The accounting cycle, a basic concept in management accounting, essentially consists of five steps:
1. An economic event, or business transaction, occurs
For example, your company might rent laboratory space, take a loan from the bank or sell inventory. The key is that in these transactions something is gained and something is given up.
2. Accountants interpret the event and translate it into the language of accounting
The event is then recorded in the company’s books as a journal entry. Journal entries form the basic units of the accounting system. They record the date of the transaction as well as the accounts and money involved, together with a brief explanation of what occurred and a reference number to track it in the ledger. (See “Interpreting Economic Events” [below] for further information.)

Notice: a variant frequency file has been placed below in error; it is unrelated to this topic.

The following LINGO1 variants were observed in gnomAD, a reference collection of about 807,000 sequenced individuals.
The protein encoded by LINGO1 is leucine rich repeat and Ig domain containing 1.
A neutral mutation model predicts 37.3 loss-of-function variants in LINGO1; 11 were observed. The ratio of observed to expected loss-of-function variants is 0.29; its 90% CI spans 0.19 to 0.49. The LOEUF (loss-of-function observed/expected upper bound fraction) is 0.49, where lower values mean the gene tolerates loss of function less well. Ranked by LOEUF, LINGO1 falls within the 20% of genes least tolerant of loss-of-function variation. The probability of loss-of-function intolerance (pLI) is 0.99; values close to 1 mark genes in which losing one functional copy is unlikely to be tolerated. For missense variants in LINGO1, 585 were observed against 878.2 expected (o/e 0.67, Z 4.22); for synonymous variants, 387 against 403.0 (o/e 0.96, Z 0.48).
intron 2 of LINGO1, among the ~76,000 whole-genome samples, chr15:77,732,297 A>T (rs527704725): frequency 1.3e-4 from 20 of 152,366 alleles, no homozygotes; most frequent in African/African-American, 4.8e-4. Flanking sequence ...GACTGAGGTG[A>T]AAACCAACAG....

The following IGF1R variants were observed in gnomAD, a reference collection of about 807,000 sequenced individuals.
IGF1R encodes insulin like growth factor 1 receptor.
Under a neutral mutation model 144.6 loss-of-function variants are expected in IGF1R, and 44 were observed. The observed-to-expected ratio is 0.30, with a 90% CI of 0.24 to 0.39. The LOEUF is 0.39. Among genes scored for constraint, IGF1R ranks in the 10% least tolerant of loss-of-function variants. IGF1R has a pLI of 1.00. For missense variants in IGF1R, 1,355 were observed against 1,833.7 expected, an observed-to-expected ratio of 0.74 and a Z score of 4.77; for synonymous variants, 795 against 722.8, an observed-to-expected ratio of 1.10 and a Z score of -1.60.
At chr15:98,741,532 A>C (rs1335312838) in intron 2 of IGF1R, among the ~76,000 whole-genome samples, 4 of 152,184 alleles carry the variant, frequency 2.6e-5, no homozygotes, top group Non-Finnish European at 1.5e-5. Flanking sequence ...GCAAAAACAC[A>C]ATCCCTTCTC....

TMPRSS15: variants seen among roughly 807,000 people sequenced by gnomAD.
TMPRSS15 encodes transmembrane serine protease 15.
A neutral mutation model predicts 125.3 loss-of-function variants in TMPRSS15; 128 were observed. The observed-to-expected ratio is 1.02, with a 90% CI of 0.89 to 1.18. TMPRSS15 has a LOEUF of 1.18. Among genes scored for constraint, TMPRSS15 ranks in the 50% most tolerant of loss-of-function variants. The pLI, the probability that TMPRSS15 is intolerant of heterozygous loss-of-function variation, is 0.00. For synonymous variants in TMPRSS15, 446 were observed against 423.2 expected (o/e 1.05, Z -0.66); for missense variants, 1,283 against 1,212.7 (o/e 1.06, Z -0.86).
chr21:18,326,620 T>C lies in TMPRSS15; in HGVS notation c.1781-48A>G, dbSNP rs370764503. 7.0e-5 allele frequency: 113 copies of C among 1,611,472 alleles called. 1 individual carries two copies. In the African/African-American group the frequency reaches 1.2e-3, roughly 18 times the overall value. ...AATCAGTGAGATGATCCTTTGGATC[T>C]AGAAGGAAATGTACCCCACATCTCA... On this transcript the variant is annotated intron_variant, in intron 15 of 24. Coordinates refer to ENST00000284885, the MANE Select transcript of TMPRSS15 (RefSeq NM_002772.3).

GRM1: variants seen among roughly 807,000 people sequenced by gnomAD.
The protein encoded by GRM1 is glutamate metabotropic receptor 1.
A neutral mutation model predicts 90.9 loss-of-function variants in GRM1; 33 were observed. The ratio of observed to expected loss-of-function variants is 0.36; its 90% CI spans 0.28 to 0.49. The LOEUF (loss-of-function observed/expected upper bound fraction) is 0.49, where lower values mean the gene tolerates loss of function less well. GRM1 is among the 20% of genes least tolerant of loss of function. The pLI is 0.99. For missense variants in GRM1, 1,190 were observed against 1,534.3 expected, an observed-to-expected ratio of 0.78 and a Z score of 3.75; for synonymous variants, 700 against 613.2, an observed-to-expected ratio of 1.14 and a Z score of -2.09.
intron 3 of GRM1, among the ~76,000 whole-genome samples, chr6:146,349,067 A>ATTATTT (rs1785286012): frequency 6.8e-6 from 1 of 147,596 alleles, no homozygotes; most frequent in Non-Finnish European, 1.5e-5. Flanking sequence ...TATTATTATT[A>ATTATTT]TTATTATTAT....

3. Accountants post the journal entries to the ledger
A running tally shows the current balance for company accounts such as assets, liabilities, revenue, expenses and stockholders’ equity.
4. Accountants add up the ledger accounts
At the end of the fiscal period, accountants add up the ledger accounts.
5. Accountants prepare the financial statements
Using the figures attained in step 4, accountants prepare the financial statements.
Most of the steps described above are mechanical exercises. Step 2, however, involves decision-making.
These judgments about how to translate economic events into the accounting process that influence what appears on the financial statements—and therefore bear economic consequences.
Many principles exist to guide accountants with their decision making. In theory, all business transactions are objectively measurable. In reality, many circumstances are subjective and do not fall under an established methodology.
Faced with these ambiguous real-life situations, accountants must use their own ethical and experienced judgment about how to record an event.
Markle, K. (2004, August). Introduction to Accounting. Presentation delivered at Schulich School of Business, York University, Toronto, Canada.
Pratt, Jamie. (2003). Financial Accounting in an Economic Context.New York: John Wiley & Sons.